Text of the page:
On Sunday, South Africa’s nine provinces began promoting the Tshwane Declaration, which “states unequivocal support for [exclusive breastfeeding (EBF)] for all infants up to six months, including HIV-exposed infants, who should receive antiretrovirals (ARVs) to prevent mother-to-child transmission (PMTCT), as recommended in the 2010 World Health Organization (WHO) guidelines,” Inter Press Service reports. “But despite the clarity of the policy and its supporting data, vocal critics, including respected individuals from leading medical and academic institutions, have decried the choice,” the news service writes.
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“South Sudan officials are hopeful the country will soon be declared polio-free,” if the nation can go another four months without recording a polio case, VOA News reports. “Before 2008, the area that is now South Sudan had been considered free of polio,” but “[t]hat year the country was re-infected through an imported strain that originated in Nigeria,” the news service writes. The country has not recorded a new case in more than 32 months, Abdi Aden Mohamed, head of the WHO in South Sudan, said, adding, “We are very cautious in the sense of there are a number of countries surrounding South Sudan that cases might be here and there,” according to VOA. Volunteers working to vaccinate every child under the age of six recently concluded the country’s 24th immunization campaign since polio reappeared in the nation, the news service notes (Green, 3/30).
Funding Shortfalls Could Hinder Implementation Of Treatment As Prevention Strategies, Al Jazeera Reports
Al Jazeera examines the administration of combination antiretroviral therapy (ART) worldwide, focusing on treatment as prevention (TasP), but says current funding levels are insufficient to implement the strategy. The HPTN 052 study showed that HIV-positive people who take ART could reduce the risk of transmitting the virus to their HIV-negative partners by 96 percent, according to the news agency. “This research is considered a game changer,” Al Jazeera writes, noting, “2012 may not be the year the international community eliminates HIV, but health experts say it could still be the year where the tide is turned.” The article includes comments from several HIV/AIDS experts (Dalal, 3/31).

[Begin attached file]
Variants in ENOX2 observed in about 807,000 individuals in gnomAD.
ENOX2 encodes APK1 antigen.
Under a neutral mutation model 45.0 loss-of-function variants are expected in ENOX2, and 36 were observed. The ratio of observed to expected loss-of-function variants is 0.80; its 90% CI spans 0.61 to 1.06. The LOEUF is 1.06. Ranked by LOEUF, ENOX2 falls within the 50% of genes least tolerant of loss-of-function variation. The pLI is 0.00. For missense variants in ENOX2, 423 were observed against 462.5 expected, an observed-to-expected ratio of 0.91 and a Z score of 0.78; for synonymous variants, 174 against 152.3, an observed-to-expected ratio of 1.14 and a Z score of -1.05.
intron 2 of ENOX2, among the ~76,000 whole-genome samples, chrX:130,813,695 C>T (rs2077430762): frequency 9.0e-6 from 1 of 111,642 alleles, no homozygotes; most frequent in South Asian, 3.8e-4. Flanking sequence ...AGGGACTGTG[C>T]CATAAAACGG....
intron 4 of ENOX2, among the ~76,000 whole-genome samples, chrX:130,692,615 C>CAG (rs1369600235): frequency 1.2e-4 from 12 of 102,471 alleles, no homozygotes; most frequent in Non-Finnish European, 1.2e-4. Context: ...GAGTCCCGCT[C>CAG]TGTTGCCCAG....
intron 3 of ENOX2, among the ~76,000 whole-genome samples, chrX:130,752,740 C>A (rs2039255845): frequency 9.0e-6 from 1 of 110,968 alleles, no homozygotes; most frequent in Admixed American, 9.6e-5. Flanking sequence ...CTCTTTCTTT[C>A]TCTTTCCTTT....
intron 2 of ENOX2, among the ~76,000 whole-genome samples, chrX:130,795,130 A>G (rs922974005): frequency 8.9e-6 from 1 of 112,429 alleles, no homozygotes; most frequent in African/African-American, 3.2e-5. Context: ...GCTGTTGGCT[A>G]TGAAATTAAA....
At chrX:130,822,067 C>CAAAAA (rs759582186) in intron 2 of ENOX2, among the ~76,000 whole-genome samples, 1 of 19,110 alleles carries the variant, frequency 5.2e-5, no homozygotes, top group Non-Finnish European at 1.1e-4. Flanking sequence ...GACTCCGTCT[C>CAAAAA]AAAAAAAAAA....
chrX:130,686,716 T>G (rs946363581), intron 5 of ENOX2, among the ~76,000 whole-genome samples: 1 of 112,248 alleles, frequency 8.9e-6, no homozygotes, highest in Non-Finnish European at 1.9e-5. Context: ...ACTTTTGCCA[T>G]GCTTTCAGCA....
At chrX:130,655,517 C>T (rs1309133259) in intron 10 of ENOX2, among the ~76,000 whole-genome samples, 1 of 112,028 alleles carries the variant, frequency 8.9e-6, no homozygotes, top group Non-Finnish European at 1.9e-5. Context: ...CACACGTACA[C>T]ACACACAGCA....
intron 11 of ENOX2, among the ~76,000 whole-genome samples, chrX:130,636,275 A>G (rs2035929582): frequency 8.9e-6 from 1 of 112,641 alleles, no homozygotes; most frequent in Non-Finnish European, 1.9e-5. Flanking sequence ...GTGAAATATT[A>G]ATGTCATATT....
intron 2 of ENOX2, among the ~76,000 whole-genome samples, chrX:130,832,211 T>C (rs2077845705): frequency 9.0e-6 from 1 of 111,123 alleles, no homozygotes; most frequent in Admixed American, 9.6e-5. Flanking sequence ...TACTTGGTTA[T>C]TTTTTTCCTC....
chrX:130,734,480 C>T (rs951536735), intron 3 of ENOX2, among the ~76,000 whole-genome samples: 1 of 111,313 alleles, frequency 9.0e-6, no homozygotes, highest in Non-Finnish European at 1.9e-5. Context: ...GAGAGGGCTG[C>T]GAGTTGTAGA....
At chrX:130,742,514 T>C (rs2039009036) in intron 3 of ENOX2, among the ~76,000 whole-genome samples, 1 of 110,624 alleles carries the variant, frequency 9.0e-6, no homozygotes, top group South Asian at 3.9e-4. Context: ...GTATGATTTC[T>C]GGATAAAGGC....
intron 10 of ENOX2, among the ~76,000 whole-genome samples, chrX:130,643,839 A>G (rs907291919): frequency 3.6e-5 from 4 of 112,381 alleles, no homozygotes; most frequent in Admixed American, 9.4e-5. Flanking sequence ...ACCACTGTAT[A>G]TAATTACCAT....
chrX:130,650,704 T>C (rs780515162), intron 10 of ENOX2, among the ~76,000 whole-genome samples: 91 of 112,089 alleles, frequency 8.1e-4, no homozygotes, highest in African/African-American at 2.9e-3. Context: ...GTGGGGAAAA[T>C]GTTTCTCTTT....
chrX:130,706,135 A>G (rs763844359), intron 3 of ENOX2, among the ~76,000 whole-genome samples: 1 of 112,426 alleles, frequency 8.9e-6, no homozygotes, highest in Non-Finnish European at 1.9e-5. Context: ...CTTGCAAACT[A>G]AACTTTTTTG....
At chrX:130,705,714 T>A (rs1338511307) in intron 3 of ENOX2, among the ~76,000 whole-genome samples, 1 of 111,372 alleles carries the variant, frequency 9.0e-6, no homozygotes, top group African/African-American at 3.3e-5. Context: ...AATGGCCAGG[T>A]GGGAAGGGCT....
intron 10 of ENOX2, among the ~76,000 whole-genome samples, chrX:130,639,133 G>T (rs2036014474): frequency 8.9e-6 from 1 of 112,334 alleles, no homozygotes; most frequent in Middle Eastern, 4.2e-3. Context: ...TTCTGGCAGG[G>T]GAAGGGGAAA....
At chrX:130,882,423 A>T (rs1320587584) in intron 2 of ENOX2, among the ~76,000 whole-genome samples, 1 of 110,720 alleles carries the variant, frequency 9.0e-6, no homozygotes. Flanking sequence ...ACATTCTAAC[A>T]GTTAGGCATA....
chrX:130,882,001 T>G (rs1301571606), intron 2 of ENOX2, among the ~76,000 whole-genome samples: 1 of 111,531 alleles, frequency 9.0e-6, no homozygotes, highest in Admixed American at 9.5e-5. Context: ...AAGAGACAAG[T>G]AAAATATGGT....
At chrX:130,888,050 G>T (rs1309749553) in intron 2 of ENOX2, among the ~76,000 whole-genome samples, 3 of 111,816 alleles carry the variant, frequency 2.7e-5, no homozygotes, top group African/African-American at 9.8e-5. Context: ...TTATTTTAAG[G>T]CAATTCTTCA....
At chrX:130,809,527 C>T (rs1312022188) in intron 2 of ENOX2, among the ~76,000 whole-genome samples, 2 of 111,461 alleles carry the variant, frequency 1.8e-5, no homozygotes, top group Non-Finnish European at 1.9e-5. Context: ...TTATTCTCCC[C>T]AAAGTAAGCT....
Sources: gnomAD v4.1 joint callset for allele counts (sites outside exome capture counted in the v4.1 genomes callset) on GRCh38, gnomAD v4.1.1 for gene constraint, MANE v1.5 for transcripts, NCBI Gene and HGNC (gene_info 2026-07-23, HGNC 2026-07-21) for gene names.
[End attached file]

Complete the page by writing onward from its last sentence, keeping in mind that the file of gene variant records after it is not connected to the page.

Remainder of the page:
“This week, urgently needed food — 33,700 tons of sorghum from American farmers — will depart the United States for West Africa, as a part of the U.S. Government’s response to the drought in the Sahel,” Dina Esposito, director of the Office of Food for Peace, writes in this post in USAID’s “Impact” blog. She says that in addition to food aid, “USAID is also focusing on improving nutrition, increasing agricultural production, linking individuals to local markets through voucher programs, rehabilitating public infrastructure through cash-for-work schemes, and mitigating conflict, among other activities,” with the aim of “alleviat[ing] poverty and build[ing] community resilience to withstand future shocks” (3/30).
The April issue of the WHO Bulletin features an editorial on the WHO research agenda for influenza; a public health round-up; an article on influenza in Ghana; a research paper on population-based burden of influenza-associated hospitalization in rural western Kenya; and a policy paper on the integration of pneumonia prevention and treatment interventions with immunization services in resource-poor countries (April 2012).